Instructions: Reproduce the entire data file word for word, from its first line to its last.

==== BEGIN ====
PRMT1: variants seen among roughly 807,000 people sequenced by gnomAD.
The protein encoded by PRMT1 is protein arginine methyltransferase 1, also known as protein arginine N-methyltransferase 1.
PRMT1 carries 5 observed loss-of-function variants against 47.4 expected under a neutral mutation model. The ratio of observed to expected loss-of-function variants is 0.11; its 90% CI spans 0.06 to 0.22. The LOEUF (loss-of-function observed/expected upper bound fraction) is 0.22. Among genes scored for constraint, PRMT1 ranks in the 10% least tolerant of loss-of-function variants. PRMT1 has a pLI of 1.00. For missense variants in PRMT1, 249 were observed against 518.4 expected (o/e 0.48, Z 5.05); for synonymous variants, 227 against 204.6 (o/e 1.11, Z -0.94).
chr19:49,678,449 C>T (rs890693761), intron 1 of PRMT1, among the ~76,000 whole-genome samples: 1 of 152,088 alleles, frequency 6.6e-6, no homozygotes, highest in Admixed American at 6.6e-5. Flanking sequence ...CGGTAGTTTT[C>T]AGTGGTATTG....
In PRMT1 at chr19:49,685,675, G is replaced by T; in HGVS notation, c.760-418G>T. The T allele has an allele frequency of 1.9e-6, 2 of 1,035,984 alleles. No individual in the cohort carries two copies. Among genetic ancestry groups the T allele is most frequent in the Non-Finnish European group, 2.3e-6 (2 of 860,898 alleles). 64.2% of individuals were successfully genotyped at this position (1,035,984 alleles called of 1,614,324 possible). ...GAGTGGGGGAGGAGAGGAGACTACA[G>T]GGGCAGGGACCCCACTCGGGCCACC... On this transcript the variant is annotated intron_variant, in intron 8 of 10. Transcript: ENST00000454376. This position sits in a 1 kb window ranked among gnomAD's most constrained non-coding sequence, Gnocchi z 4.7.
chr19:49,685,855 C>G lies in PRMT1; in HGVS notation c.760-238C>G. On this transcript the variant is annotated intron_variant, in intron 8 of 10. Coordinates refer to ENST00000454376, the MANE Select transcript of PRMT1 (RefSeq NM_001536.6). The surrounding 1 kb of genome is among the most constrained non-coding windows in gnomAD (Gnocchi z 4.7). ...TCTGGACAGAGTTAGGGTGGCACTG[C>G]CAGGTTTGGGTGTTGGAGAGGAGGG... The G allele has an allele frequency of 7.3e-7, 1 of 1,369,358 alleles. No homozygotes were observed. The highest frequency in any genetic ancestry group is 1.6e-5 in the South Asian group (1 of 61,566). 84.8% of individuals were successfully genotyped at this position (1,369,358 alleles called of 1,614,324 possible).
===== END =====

PRMT1: variants seen among roughly 807,000 people sequenced by gnomAD.
The protein encoded by PRMT1 is protein arginine methyltransferase 1, also known as protein arginine N-methyltransferase 1.
PRMT1 carries 5 observed loss-of-function variants against 47.4 expected under a neutral mutation model. The ratio of observed to expected loss-of-function variants is 0.11; its 90% CI spans 0.06 to 0.22. The LOEUF (loss-of-function observed/expected upper bound fraction) is 0.22. Among genes scored for constraint, PRMT1 ranks in the 10% least tolerant of loss-of-function variants. PRMT1 has a pLI of 1.00. For missense variants in PRMT1, 249 were observed against 518.4 expected (o/e 0.48, Z 5.05); for synonymous variants, 227 against 204.6 (o/e 1.11, Z -0.94).
chr19:49,678,449 C>T (rs890693761), intron 1 of PRMT1, among the ~76,000 whole-genome samples: 1 of 152,088 alleles, frequency 6.6e-6, no homozygotes, highest in Admixed American at 6.6e-5. Flanking sequence ...CGGTAGTTTT[C>T]AGTGGTATTG....
In PRMT1 at chr19:49,685,675, G is replaced by T; in HGVS notation, c.760-418G>T. The T allele has an allele frequency of 1.9e-6, 2 of 1,035,984 alleles. No individual in the cohort carries two copies. Among genetic ancestry groups the T allele is most frequent in the Non-Finnish European group, 2.3e-6 (2 of 860,898 alleles). 64.2% of individuals were successfully genotyped at this position (1,035,984 alleles called of 1,614,324 possible). ...GAGTGGGGGAGGAGAGGAGACTACA[G>T]GGGCAGGGACCCCACTCGGGCCACC... On this transcript the variant is annotated intron_variant, in intron 8 of 10. Transcript: ENST00000454376. This position sits in a 1 kb window ranked among gnomAD's most constrained non-coding sequence, Gnocchi z 4.7.
chr19:49,685,855 C>G lies in PRMT1; in HGVS notation c.760-238C>G. On this transcript the variant is annotated intron_variant, in intron 8 of 10. Coordinates refer to ENST00000454376, the MANE Select transcript of PRMT1 (RefSeq NM_001536.6). The surrounding 1 kb of genome is among the most constrained non-coding windows in gnomAD (Gnocchi z 4.7). ...TCTGGACAGAGTTAGGGTGGCACTG[C>G]CAGGTTTGGGTGTTGGAGAGGAGGG... The G allele has an allele frequency of 7.3e-7, 1 of 1,369,358 alleles. No homozygotes were observed. The highest frequency in any genetic ancestry group is 1.6e-5 in the South Asian group (1 of 61,566). 84.8% of individuals were successfully genotyped at this position (1,369,358 alleles called of 1,614,324 possible).